San Diego County Board Meeting Brings Attention to Public Unrest

The Board of Supervisors has meetings every Tuesday and Wednesday in the County Administration Center in San Diego. These meetings are open to the public, and comments and questions are encouraged. Recently, the environment during these meetings has become tense, more so than usual. With COVID-19 and the differing opinions on policies, added to misinformation, public meetings such as these have become a place where people are extremely rude and furiously and freely express their thoughts. However, racial and offensive comments made while discussing said topic during a meeting on Tuesday crossed a line.

On Tuesday, November 2, 2021, the San Diego County Board of Supervisors held their usual meeting. As they were talking about COVID-19 policy updates, which included information about vaccine mandates. As the meeting went on, a man in the meeting, Jason Robo, erupted in anger and severely insulted various members of the board, even going so far as to use a racial slur.

This is not Robo’s first time displaying disruptive behavior in public. He is a supposed stand-up comedian, and is known mostly locally in San Diego for hate speech and masking it as comedy or activism. He was blacklisted from Mad House, a comedy club in San Diego, for making racist remarks.

“You can call me fat all you want, but you are not allowed to say that to her,” supervisor Nora Vargas replied to Robo, after he called Dr. Wilma Wooten, the director of the county public health department and a black woman, a racist insult.

This shows just how out of line and disgusting the comments made were. Not only did Robo body shame Vargas and make “jokes” about her health, he also felt the need to call Dr. Wooten, a racial slur. In addition, he also wished death upon three other county supervisors. After finishing his rant, some people at the meeting cheered him on and laughed at what was blatant hate speech.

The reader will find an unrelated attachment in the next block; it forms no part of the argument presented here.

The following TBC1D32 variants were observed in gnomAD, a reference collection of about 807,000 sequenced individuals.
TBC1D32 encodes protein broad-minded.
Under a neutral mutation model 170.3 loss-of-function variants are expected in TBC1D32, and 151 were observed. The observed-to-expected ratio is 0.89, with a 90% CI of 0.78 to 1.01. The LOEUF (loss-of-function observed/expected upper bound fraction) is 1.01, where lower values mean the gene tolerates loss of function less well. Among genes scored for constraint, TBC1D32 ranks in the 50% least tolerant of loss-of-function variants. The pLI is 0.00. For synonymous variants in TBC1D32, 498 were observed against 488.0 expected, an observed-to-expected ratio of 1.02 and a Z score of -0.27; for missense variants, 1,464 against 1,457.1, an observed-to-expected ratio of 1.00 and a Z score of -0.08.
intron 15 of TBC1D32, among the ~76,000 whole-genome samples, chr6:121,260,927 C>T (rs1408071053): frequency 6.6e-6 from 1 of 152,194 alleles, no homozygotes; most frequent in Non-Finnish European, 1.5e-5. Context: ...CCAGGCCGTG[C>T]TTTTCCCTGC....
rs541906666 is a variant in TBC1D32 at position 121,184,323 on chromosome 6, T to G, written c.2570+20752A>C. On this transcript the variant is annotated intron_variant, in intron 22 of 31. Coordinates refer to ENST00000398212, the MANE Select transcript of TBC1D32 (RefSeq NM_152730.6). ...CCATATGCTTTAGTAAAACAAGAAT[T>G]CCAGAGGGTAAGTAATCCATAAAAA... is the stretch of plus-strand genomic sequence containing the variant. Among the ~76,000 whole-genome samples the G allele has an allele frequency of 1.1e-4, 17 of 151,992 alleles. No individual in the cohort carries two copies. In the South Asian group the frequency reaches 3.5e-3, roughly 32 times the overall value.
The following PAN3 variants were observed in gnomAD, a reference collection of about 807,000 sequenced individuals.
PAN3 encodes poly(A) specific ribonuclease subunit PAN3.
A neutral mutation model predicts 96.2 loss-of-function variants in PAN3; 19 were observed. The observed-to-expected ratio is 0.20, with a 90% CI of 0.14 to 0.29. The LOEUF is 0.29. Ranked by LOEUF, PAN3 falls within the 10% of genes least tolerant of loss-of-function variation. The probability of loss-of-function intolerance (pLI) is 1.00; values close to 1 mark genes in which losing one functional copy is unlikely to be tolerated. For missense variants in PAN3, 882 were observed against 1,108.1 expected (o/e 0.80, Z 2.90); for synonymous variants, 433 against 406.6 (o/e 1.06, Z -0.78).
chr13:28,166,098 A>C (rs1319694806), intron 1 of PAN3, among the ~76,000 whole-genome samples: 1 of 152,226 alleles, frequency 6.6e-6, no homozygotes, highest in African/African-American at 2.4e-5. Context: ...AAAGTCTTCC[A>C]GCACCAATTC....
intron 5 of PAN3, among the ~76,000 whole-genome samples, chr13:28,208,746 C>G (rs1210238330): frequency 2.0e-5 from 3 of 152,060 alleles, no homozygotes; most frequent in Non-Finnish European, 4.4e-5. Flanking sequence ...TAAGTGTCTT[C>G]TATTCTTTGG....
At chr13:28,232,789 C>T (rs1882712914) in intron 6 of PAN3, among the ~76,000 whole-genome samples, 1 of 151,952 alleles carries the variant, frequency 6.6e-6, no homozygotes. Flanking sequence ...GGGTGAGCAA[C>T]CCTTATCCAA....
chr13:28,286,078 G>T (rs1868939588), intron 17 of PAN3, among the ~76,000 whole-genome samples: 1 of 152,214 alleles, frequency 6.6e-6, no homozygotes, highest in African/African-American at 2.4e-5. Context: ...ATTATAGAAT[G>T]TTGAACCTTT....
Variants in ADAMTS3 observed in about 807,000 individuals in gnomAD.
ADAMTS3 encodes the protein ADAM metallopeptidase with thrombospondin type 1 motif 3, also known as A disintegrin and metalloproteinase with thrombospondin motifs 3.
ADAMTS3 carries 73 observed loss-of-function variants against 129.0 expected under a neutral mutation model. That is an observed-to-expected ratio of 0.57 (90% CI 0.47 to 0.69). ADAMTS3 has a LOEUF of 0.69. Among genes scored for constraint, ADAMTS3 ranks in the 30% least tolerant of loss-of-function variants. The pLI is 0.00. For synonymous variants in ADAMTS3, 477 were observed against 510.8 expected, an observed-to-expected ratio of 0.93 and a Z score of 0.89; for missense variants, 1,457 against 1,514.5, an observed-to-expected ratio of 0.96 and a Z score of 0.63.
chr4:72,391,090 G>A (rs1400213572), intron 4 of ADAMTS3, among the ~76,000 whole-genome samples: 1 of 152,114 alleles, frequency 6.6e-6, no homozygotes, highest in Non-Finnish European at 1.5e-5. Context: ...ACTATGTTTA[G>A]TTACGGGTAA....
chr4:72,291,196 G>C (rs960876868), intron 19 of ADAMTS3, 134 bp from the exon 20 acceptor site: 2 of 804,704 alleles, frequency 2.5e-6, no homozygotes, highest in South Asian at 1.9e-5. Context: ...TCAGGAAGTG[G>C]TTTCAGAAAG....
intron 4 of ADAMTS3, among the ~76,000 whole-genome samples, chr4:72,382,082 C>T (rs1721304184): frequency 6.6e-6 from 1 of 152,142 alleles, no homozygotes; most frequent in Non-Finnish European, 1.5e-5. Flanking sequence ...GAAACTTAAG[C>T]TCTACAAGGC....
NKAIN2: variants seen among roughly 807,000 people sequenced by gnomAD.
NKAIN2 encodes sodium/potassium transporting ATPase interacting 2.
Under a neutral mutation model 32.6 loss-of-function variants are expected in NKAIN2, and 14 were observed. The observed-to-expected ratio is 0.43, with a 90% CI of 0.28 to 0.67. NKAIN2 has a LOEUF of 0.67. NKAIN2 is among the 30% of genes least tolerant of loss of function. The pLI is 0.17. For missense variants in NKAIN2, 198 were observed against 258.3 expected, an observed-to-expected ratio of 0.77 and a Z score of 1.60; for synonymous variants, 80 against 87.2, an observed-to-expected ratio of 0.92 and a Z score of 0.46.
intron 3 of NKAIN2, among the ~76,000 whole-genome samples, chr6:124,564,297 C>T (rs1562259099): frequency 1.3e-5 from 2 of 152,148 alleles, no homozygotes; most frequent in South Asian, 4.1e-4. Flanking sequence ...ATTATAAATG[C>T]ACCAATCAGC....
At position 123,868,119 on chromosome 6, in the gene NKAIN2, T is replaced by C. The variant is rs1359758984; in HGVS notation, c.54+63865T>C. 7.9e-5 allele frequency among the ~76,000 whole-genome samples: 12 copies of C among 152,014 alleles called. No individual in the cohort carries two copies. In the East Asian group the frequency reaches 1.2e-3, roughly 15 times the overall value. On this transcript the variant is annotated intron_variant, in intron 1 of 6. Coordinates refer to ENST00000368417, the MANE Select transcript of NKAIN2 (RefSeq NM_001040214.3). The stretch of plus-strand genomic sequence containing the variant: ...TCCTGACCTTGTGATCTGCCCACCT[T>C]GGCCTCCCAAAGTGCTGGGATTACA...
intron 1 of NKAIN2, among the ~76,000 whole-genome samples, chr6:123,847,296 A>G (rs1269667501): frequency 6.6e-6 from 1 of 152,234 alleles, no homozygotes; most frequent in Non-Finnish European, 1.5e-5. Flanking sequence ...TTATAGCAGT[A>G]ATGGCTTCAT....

Unfortunately, events such as these have become commonplace, not only in San Diego, but all over the United States and in varying types of public meetings. They are allowed to happen because of the First Amendment, since board meetings are public, and there seems to be nothing that can be done to prevent them from happening.

As the board chair Nathan Fletcher said to Robo, “The reality is, you can stand up here and say whatever you want, that’s your First Amendment right, but it’s disgusting, it’s vile, and it contributes nothing to what we’re doing here.”

Comments such as the ones made are not only outrageous and unacceptable, but they also hinder the effectiveness and efficiency of the meetings. With an increasingly polarized society, it seems that the public has lost the ability to discuss and debate topics in a civilized manner. How can any work get done when people are focused on attacking the other side instead of actually discussing and compromising?

Poway Unified School District recognized this problem. As a solution, the school district decided to hold their next monthly meeting virtually because of safety concerns. In addition to various disruptions to the meetings, various trustees and their families received death threats. While this would allow for the protection of the participants and for less interruptions, it is not an effective long term solution.

There has to be a way to make these meetings more efficient. Otherwise, immoral, attention seeking people such as Jason Robo will keep popping up in the news and keep causing problems.